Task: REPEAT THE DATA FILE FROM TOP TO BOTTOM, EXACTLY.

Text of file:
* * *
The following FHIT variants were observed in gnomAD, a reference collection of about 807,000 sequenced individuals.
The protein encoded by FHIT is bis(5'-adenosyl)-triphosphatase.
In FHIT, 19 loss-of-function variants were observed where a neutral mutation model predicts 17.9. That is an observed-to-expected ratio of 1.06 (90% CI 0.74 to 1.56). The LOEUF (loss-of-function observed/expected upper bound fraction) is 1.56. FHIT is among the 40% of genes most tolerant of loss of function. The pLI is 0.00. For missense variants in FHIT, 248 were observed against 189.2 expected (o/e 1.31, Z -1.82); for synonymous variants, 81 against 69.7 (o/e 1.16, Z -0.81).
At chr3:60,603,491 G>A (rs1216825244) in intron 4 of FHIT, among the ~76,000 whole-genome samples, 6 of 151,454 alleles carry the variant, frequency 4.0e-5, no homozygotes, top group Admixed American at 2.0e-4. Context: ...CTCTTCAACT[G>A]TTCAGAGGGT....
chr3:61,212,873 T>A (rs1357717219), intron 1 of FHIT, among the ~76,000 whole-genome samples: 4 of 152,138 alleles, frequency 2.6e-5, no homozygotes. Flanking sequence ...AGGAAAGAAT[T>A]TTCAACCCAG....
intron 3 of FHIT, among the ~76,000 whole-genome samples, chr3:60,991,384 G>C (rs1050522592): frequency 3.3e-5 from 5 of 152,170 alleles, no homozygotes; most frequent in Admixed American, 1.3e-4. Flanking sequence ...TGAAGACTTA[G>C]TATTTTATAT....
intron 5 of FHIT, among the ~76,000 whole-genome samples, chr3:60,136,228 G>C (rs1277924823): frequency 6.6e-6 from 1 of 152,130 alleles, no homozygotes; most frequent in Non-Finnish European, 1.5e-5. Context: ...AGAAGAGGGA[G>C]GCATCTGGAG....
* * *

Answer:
The following FHIT variants were observed in gnomAD, a reference collection of about 807,000 sequenced individuals.
The protein encoded by FHIT is bis(5'-adenosyl)-triphosphatase.
In FHIT, 19 loss-of-function variants were observed where a neutral mutation model predicts 17.9. That is an observed-to-expected ratio of 1.06 (90% CI 0.74 to 1.56). The LOEUF (loss-of-function observed/expected upper bound fraction) is 1.56. FHIT is among the 40% of genes most tolerant of loss of function. The pLI is 0.00. For missense variants in FHIT, 248 were observed against 189.2 expected (o/e 1.31, Z -1.82); for synonymous variants, 81 against 69.7 (o/e 1.16, Z -0.81).
At chr3:60,603,491 G>A (rs1216825244) in intron 4 of FHIT, among the ~76,000 whole-genome samples, 6 of 151,454 alleles carry the variant, frequency 4.0e-5, no homozygotes, top group Admixed American at 2.0e-4. Context: ...CTCTTCAACT[G>A]TTCAGAGGGT....
chr3:61,212,873 T>A (rs1357717219), intron 1 of FHIT, among the ~76,000 whole-genome samples: 4 of 152,138 alleles, frequency 2.6e-5, no homozygotes. Flanking sequence ...AGGAAAGAAT[T>A]TTCAACCCAG....
intron 3 of FHIT, among the ~76,000 whole-genome samples, chr3:60,991,384 G>C (rs1050522592): frequency 3.3e-5 from 5 of 152,170 alleles, no homozygotes; most frequent in Admixed American, 1.3e-4. Flanking sequence ...TGAAGACTTA[G>C]TATTTTATAT....
intron 5 of FHIT, among the ~76,000 whole-genome samples, chr3:60,136,228 G>C (rs1277924823): frequency 6.6e-6 from 1 of 152,130 alleles, no homozygotes; most frequent in Non-Finnish European, 1.5e-5. Context: ...AGAAGAGGGA[G>C]GCATCTGGAG....